On June 20, the entire Northern Hemisphere celebrated the Summer Solstice, while in one small corner of the world, many silently anticipated and schemed for the Rochester International Jazz Festival, which started a few long days later. Later, on July 4, while most everyone in the United States was busy celebrating the birth of our nation, many in Rochester quietly rested in their homes, recovering from nine full nights of wall-to-wall, street-to-street music and merriment. Indeed, the final night of the festival ended in an explosion of sound that was brighter than any fireworks. Trombone Shorty partied with a capacity audience at a lot that fronted the new Midtown Tower, while a block away the Wood Brothers filled the corner of East Ave and Chestnut Street, and just one block from there Mingo Fishtrap jammed to a crowded Jazz Street. Meanwhile, the indoor clubs were still brimming with music, the food trucks were slinging sandwiches and the buskers were making every street corner their own mini music venue. Then the clock struck 11 p.m. and the fantasy of a vibrant downtown Rochester slowly drifted back to reality.
Throughout the nine days, NYS Music made it to 41 sets, in 13 venues to see 38 different acts. Nine continuous nights of music can’t be beat, and the Rochester International Jazz Festival proves worth the anticipation year after year. Of everything we saw, these 10 acts (not counting the headlining series) stood out as the best and brightest.
10. Makoto Ozone and Tommy Smith
Japanese pianist Makoto Ozone and Scottish saxophonist Tommy Smith make for an odd pairing nationalistically, but a masterful combination musically. Their duets ranged from beautiful classically leaning romantic landscapes to a bopping blues inspired by Gary Burton mistakenly orchestrating a popcorn explosion. But by far the highlight of the set came after Smith told a story of a keyless, legless piano that hung on the wall of the poor schoolhouse he attended as a child. He then proceeded to demonstrate how he would play his sax into the body of the piano, which caused the strings to reverberate. It was an incredible and gorgeous effect that we won’t soon forget.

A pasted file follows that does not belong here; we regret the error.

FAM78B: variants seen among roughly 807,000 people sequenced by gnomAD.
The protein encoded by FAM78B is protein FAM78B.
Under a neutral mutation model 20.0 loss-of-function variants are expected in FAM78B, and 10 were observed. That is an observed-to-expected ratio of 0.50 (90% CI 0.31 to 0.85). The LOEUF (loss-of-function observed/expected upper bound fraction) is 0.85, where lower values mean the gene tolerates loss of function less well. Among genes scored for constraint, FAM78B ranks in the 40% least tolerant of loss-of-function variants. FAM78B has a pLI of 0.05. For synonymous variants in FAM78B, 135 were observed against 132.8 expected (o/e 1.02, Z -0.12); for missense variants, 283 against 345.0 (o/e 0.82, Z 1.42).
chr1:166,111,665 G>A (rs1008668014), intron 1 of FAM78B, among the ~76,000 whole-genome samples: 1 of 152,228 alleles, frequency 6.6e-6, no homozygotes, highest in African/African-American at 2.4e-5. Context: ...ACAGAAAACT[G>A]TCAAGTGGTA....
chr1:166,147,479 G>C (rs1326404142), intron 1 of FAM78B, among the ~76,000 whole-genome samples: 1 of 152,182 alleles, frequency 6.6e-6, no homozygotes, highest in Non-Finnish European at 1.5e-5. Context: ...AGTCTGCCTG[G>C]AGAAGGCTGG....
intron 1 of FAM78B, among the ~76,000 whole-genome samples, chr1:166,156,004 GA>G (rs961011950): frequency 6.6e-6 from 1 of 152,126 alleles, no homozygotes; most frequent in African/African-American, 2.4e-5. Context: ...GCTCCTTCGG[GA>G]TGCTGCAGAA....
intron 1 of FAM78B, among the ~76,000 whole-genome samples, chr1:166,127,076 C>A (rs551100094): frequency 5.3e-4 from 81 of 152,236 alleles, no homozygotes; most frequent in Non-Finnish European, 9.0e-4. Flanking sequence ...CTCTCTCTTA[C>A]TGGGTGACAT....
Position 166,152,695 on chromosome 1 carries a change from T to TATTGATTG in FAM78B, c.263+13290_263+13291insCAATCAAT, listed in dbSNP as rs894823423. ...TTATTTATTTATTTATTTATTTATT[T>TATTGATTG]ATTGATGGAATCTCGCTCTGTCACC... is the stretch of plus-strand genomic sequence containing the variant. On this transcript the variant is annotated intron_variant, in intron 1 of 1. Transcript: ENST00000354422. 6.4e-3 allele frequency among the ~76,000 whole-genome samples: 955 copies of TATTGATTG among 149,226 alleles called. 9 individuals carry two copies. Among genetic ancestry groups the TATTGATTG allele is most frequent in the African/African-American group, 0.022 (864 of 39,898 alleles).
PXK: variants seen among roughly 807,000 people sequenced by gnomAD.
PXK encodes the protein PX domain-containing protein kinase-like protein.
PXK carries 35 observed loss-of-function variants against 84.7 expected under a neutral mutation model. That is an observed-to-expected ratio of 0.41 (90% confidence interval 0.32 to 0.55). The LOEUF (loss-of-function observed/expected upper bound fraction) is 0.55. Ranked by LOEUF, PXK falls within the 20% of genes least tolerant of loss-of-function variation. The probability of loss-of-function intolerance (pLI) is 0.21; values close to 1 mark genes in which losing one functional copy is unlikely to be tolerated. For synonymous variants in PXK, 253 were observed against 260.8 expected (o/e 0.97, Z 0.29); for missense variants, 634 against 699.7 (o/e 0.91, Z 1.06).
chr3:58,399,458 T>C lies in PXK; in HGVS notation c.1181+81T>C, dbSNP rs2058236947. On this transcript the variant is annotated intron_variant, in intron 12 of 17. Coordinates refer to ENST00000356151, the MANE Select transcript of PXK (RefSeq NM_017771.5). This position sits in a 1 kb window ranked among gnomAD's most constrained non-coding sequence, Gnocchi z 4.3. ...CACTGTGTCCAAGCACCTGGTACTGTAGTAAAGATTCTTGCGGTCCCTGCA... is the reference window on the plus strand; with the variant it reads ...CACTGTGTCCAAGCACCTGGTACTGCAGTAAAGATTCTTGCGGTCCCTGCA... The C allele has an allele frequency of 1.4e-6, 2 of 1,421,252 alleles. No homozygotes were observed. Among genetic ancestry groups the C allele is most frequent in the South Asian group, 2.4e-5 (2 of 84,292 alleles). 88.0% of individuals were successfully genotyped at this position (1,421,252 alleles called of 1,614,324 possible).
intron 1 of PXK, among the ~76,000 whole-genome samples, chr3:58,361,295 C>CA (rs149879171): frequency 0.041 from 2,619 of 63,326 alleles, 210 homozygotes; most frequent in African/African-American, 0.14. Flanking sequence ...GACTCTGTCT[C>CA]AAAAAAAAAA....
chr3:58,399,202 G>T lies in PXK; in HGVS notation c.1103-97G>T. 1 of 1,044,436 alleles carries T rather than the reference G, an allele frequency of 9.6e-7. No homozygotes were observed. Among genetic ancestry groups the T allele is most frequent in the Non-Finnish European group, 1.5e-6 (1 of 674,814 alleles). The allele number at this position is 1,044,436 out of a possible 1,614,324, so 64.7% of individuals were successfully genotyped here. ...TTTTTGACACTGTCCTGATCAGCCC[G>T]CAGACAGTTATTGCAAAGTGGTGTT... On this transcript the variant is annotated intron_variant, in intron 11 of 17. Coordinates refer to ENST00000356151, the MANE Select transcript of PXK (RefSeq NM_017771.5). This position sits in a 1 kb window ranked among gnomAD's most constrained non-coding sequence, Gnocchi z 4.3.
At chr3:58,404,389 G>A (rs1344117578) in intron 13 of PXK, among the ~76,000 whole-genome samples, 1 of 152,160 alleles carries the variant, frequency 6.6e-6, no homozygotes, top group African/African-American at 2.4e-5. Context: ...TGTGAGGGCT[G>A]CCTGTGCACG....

Funk bands are a dime-a-dozen. It’s nearly impossible to rise above the fray. But Los Angeles’ Orgone has found the perfect formula and they have it down to a science. Starting with the supremely talented front of Sergio Rios on guitar and Dan Hastie on keys, they add in trombone and trumpet to a rhythm core of percussion, drums and bass. As an instrumental outfit the band takes the funk to rocking peaks behind Rios’ fierce shredding. But wait, there’s more. Enter Adryon de Len, with her Tina Turner hair in her Tina Turner dress shaking her Tina Turner moves. She’s got a voice that knows no heights, and soul that knows no bottom.
8. Red Baraat
Rochester-born Sunny Jain leads the international party band Red Baraat with a double-sided Indian drum called a dhol. The nine-piece band features an eclectic mix of instruments that when they all come together create what world peace must sound like — a reason to party indeed. Jain proclaimed the 5:30 p.m. set to be the earliest they had ever played, but was very excited for the capacity crowd that came to listen and dance. They opened with a spacey mix that slowly built around a distinguishable rhythm before exploding into a wall of sound. It was an announcement of their arrival, after which the usually seated Harro East crowd got to their feet to dance the early evening away. They mixed together their older material, which took on more of traditional feeling, with newer tunes which mixed in some guitar and horn effects lending darker edges to the otherwise happy affair.